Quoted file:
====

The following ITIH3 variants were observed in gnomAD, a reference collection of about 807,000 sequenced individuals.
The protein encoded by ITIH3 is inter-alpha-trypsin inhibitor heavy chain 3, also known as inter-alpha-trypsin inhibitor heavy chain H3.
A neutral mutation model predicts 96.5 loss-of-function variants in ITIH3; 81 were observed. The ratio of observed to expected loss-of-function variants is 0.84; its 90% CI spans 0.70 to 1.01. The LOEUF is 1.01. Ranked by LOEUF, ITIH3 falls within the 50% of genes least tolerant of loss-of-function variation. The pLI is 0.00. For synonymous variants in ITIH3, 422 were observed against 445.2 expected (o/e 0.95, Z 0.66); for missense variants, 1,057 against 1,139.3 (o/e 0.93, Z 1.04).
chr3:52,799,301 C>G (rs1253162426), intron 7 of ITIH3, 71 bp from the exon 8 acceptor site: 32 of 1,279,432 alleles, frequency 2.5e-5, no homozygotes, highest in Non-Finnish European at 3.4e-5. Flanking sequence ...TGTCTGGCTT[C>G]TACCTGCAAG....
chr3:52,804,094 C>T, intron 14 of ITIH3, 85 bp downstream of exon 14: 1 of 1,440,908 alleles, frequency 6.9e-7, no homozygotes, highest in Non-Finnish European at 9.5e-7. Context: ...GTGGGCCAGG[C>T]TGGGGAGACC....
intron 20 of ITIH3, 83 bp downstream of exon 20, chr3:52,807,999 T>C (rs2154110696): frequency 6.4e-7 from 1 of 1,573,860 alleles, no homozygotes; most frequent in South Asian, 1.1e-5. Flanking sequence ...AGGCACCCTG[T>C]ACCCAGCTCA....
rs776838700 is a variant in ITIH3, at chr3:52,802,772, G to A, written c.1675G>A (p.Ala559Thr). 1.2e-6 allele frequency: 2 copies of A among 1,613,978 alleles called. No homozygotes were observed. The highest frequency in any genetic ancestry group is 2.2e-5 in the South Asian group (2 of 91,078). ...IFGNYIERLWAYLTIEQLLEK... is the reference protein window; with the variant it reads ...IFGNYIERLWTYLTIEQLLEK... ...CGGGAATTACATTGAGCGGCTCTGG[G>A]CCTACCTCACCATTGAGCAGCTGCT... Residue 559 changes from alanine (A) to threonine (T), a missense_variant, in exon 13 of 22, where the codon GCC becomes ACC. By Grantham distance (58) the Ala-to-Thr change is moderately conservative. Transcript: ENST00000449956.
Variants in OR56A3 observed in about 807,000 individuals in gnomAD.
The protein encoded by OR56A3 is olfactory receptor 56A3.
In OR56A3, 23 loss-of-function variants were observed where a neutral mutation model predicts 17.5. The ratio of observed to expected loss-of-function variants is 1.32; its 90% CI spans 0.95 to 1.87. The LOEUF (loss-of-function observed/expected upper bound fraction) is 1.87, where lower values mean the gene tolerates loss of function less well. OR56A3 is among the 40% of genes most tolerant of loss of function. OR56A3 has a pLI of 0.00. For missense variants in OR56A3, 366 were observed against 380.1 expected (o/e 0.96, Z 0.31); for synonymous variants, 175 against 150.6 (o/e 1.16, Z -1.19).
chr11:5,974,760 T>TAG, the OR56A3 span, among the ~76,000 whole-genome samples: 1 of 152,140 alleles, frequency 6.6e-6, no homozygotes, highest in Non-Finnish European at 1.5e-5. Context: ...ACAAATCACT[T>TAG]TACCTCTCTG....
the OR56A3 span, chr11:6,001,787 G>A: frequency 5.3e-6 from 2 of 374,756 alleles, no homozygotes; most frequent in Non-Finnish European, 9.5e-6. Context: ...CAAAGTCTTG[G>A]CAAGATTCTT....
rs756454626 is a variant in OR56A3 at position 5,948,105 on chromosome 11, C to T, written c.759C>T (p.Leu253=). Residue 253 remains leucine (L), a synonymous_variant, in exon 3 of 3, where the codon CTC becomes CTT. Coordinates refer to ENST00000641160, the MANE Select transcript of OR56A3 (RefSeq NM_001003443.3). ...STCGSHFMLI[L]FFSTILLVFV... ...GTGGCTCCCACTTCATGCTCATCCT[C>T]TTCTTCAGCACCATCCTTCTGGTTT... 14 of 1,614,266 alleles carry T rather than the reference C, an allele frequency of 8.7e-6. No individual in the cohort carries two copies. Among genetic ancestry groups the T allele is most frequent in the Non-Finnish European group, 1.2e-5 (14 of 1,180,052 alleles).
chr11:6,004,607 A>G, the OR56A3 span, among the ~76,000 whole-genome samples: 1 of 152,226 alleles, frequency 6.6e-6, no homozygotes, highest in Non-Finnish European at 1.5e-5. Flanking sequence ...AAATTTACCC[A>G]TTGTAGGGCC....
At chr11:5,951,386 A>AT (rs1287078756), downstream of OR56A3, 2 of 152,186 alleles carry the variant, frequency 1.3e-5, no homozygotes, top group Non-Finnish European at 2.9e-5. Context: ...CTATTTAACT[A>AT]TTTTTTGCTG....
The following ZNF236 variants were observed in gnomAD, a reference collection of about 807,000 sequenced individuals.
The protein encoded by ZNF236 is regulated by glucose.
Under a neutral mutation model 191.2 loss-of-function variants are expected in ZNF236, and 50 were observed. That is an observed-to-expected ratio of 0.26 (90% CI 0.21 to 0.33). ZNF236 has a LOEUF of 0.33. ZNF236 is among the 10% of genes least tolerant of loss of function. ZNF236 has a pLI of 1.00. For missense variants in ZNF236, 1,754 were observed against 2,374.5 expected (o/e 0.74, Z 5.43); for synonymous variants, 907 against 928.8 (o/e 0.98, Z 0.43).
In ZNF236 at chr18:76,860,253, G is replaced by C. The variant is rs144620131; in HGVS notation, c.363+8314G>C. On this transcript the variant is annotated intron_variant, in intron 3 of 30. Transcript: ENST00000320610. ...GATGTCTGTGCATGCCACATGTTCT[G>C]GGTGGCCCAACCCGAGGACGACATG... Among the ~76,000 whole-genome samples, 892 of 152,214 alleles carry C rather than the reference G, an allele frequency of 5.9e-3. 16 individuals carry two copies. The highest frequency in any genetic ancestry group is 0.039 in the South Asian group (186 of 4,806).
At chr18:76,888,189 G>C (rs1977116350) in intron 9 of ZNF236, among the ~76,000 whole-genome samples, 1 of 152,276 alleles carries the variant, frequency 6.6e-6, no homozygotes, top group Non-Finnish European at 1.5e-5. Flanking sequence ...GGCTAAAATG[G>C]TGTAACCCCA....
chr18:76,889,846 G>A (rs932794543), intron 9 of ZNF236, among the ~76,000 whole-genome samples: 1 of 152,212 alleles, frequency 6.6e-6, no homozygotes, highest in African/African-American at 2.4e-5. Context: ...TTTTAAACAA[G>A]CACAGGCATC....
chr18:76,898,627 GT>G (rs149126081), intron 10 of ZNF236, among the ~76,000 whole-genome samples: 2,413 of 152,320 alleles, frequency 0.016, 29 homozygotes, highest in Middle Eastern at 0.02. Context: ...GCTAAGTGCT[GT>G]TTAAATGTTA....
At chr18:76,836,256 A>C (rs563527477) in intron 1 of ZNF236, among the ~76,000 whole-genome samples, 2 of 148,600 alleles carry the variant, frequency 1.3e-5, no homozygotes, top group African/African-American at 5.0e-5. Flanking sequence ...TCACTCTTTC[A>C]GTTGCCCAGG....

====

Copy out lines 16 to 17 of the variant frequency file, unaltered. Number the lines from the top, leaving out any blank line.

The following ZNF236 variants were observed in gnomAD, a reference collection of about 807,000 sequenced individuals.
The protein encoded by ZNF236 is regulated by glucose.